+of CPUs.
+The goal of the throughput-optimized (TO) futexes is maximize the
+locking throughput at the expense of fairness and deterministic
+latency. This is done by encouraging lock stealing and optimistic
+spinning on a locked futex when the lock owner is running within the
+kernel until the lock is free. This is the same optimistic spinning
+mechanism used by the kernel mutex and rw semaphore implementations
+to improve performance. Optimistic spinning was done without taking
+any lock.
+The downside of this improved throughput is the increased variance
+of the actual response times of the locking operations. Some locking
+operations will be very fast, while others may be considerably slower.
+The average response time should be better than the wait-wake futexes.
+The TO futexes has a built-in lock hand-off mechanism to prevent lock
+starvation from happening. When the top lock waiter has too many failed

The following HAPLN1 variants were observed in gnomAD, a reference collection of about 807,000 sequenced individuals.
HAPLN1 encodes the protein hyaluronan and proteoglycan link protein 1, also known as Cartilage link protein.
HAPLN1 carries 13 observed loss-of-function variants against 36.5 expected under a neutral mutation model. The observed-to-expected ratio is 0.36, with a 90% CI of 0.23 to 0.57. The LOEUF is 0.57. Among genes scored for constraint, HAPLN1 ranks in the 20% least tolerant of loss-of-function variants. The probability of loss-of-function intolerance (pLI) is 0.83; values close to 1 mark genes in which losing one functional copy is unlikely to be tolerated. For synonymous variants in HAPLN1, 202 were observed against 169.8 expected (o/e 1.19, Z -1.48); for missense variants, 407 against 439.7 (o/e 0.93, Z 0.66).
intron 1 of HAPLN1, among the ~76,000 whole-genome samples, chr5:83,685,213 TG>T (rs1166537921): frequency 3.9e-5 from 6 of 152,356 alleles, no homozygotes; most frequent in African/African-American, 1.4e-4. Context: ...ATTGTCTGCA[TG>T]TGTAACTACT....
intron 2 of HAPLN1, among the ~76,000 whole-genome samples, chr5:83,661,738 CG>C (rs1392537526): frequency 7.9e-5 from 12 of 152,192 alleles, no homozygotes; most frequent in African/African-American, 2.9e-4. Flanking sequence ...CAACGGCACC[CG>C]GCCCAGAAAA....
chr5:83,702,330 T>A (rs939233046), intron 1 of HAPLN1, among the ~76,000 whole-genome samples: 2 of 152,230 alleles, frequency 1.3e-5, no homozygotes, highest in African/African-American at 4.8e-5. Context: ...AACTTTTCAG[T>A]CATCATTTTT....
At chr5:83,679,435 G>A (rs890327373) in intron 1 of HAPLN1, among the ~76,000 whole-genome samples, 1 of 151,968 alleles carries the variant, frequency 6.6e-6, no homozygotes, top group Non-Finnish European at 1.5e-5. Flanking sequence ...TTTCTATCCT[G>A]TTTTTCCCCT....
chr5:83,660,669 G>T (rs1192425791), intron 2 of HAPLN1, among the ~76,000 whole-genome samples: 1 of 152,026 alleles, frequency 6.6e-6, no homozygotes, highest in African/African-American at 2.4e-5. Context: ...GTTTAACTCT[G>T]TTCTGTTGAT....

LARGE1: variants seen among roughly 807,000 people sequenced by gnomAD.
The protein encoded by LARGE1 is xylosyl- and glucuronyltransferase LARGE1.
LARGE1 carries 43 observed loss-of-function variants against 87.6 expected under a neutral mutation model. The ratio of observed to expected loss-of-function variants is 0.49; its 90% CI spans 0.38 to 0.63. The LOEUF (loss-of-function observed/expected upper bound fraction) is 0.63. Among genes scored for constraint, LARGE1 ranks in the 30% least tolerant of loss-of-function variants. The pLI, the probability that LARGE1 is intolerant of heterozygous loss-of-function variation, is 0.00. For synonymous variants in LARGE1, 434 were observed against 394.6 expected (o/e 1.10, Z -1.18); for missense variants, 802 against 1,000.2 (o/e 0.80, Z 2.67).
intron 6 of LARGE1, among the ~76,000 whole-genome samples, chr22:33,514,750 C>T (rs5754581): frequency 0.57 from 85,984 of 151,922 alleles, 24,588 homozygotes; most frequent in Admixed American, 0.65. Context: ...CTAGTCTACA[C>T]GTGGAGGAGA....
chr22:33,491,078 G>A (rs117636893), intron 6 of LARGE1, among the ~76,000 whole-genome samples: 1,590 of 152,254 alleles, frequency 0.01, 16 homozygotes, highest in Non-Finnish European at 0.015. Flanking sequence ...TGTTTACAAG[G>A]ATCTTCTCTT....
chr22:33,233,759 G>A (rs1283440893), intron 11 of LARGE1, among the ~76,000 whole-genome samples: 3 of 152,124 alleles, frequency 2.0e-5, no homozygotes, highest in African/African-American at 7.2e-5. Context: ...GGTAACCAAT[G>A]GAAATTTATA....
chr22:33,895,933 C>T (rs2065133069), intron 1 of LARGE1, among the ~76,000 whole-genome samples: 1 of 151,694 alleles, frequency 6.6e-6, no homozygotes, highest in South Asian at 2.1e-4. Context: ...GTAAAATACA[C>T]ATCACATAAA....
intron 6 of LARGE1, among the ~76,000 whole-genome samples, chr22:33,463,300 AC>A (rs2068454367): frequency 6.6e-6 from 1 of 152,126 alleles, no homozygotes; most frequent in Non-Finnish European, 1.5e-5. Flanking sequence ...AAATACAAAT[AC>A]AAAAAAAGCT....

+attempts to acquire the lock, it will initiate the hand-off mechanism
+by forcing the unlocker to transfer the lock to itself instead of
+freeing it. This limit the maximum latency a waiter has to wait.
+Performance-wise, TO futexes should be faster than wait-wake futexes
+especially if the futex locker holders do not sleep. For workload
+that does a lot of sleeping within the critical sections, the TO
+futexes may not be faster than the wait-wake futexes.
+Like the PI and robust futexes, a lock acquirer has to atomically
+put its thread ID (TID) into the lower 30 bits of the 32-bit futex
+which should has an original value of 0. If it succeeds, it will be
+the owner of the futex. Otherwise, it has to call into the kernel
+using the new FUTEX_LOCK_TO futex(2) syscall.
+ futex(uaddr, FUTEX_LOCK_TO, 0, timeout, NULL, 0);
+Only the optional timeout parameter is being used by the new futex
+A kernel mutex is used for serialization. The top lock waiter that is
+the owner of the serialization mutex will try to acquire the lock when
+it is available.
+When the futex lock owner is no longer running, the top waiter will
+set the FUTEX_WAITERS bit before going to sleep. This is to make sure